Arab Is­raeli par­ties toss sup­port to Gantz as PM

The Morning Call - - NATION & WORLD - By Ruth Eglash

JERUSALEM — In a his­toric move, an al­liance of Arab Is­raeli par­ties rec­om­mended a prime min­is­te­rial can­di­date to Pres­i­dent Reu­ven Rivlin for the first time in al­most three decades, say­ing in con­sul­ta­tions Sun­day that it would sup­port a bid by for­mer army chief of staff Benny Gantz to re­place Ben­jamin Ne­tanyahu.

The process of se­lect­ing Is­rael’s next prime min­is­ter has en­tered its sec­ond stage, with eyes on the coun­try’s largely cer­e­mo­nial pres­i­dent to see whether he can find a way out of a dead­locked elec­tion re­sult and avert a third vote.

Tra­di­tion­ally, Arab par­ties re­frain from rec­om­mend­ing a can­di­date as an ide­o­log­i­cal protest at Is­rael’s on­go­ing mil­i­tary oc­cu­pa­tion of the Pales­tini­ans. The last time an Arab party rec­om­mended a can­di­date for prime min­is­ter was in 1992, when Yitzhak Rabin be­came prime min­is­ter. Two years later, he signed the his­toric Oslo ac­cords with Pales­tinian leader Yasser Arafat.

In his Sun­day meet­ing with Rivlin, Joint List leader Ay­man Odeh said, “We will rec­om­mend Benny Gantz as prime min­is­ter. We want to re­turn to be le­git­i­mate po­lit­i­cal ac­tors and bring an end to the Ne­tanyahu gov­ern­ment.”

Rivlin held con­sul­ta­tions with rep­re­sen­ta­tives of four of the nine po­lit­i­cal blocs, in­clud­ing the Joint List of Arab par­ties, that make up Is­rael’s par­lia­ment, the Knes­set. Af­ter meet­ing with the rest of the fac­tions Mon­day, he will choose be­tween Ne­tanyahu and Gantz, giv­ing one of them the first stab at form­ing the next gov­ern­ment.

Also break­ing with prece­dent was Avig­dor Liber­man, the hawk­ish for­mer de­fense min­is­ter. In the past, he has been loyal to Ne­tanyahu, but he said he could not sup­port the longserv­ing leader this time be­cause of his close align­ment with re­li­gious and rightwing par­ties. He also said he would not rec­om­mend Gantz be­cause of the sup­port from the Joint List.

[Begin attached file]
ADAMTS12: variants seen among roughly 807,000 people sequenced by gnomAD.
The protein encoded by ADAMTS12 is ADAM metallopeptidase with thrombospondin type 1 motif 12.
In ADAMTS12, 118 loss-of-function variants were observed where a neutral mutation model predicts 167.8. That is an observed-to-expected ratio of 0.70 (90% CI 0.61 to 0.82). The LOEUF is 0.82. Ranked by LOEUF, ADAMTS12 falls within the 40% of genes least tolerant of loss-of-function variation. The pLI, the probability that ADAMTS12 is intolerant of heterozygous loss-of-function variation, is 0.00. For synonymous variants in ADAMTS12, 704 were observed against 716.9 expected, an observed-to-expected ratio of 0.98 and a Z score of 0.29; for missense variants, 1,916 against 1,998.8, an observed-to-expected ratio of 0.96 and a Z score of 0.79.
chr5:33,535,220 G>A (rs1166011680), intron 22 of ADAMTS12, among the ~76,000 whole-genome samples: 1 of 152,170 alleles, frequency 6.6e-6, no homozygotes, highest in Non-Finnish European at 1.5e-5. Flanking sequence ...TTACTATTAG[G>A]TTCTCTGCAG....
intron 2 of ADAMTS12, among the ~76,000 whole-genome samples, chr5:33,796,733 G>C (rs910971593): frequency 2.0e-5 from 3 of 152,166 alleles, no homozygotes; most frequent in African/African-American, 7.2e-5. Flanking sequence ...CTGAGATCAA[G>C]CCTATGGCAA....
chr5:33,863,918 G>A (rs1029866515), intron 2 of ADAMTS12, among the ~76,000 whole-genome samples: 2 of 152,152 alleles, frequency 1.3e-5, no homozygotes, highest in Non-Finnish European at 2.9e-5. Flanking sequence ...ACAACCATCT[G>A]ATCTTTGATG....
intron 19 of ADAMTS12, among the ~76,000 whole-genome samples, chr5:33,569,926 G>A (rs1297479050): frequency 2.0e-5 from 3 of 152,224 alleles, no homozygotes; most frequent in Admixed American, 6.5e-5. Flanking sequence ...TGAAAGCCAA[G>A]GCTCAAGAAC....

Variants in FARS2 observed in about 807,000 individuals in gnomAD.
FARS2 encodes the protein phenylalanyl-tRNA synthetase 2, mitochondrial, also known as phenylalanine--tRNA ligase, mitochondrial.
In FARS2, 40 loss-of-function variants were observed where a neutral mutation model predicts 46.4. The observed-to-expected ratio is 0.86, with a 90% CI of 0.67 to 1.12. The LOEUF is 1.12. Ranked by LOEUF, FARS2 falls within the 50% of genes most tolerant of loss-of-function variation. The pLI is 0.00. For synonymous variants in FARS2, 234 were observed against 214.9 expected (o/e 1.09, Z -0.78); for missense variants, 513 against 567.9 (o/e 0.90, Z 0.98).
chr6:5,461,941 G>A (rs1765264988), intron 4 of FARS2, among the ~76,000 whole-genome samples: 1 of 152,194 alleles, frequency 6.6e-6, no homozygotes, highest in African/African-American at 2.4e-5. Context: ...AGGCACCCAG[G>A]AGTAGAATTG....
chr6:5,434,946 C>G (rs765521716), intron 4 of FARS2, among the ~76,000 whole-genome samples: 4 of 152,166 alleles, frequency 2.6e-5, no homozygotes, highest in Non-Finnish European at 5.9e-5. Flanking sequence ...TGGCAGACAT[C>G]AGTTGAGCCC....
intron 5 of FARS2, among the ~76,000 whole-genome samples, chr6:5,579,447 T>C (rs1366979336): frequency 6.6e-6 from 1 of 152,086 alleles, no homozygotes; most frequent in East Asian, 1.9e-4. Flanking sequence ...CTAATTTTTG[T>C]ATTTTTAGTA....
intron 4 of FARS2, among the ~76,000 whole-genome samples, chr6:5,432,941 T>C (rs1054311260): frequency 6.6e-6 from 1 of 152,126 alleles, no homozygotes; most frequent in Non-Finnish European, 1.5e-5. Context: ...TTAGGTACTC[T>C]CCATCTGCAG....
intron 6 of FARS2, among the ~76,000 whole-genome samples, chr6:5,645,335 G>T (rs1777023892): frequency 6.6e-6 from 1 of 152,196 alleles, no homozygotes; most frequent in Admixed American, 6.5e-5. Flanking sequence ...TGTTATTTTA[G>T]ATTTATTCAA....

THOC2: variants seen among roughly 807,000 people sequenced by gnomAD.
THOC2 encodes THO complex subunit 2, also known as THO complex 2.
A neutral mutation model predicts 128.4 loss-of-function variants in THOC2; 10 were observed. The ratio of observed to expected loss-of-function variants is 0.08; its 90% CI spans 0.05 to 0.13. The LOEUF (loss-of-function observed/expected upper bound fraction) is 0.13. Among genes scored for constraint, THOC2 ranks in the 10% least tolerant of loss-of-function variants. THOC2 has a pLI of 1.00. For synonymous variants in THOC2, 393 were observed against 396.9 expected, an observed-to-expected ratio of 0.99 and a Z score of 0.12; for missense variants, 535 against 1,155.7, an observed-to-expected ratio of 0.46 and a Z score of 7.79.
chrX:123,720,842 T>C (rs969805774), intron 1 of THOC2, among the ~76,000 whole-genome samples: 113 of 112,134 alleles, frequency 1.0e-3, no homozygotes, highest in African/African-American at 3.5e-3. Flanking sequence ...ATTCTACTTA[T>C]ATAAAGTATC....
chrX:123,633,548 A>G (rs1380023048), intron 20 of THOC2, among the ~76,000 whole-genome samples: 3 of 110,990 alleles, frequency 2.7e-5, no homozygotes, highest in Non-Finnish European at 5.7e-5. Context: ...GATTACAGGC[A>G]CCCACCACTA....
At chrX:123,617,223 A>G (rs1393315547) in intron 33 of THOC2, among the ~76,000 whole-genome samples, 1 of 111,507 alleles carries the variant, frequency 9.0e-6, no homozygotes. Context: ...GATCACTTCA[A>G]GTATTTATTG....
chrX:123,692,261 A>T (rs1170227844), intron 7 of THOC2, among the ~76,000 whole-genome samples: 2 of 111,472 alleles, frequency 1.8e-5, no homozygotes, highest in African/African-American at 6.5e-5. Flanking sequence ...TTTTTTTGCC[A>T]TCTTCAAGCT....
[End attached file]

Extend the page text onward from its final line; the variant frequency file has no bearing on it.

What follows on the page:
Liber­man said the only way for­ward was to form a unity gov­ern­ment that in­cluded both Ne­tanyahu’s Likud and Gantz’s Blue and White. It does not mat­ter which of the two men is prime min­is­ter first, he said.

The re­sults of Tues­day’s gen­eral elec­tion gave Blue and White about 40,000 more votes than Likud, but nei­ther fac­tion gained enough seats to form a ma­jor­ity in the 120-seat Knes­set.

Nei­ther, it ap­pears, will be able to muster enough sup­port from their ide­o­log­i­cal blocs to carve a stable coali­tion. Sim­i­lar in size, with 33 and 31 seats, re­spec­tively, Blue and White and Likud could form a strong, cen­trist gov­ern­ment.

Rivlin said Thurs­day that the par­ity be­tween the two par­ties in­di­cated “loud and clear” that the ma­jor­ity of Is­rael’s cit­i­zens wanted to see a “broad and stable na­tional unity gov­ern­ment.”

He said the stale­mate, which be­gan af­ter a first round of elec­tions — in April — left Ne­tanyahu un­able to se­cure a coali­tion. He called on all can­di­dates to quickly “work to­ward form­ing a gov­ern­ment that can serve the State of Is­rael and the peo­ple of Is­rael again.”

It is un­clear how Rivlin will get the sides to co­op­er­ate.

It is not even clear how he will de­cide who will be given the first chance at form­ing the gov­ern­ment. Tra­di­tion dic­tates that the op­por­tu­nity be of­fered to the per­son most likely to suc­ceed, but with that ap­pear­ing near im­pos­si­ble for ei­ther leader, Rivlin might need to find al­ter­na­tive cri­te­ria.

“This sit­u­a­tion has never hap­pened be­fore,” said Mordechai Krem­nitzer, pro­fes­sor emer­i­tus in law at the He­brew Univer­sity of Jerusalem and a se­nior re­search fel­low at the Is­rael Democ­racy In­sti­tute.

EM­MANUEL DUNAND/GETTY-AFP

Benny Gantz and his wife, Re­vi­tal, greet Blue and White back­ers af­ter ini­tial elec­tion re­sults Wed­nes­day in Tel Aviv.

Rivlin

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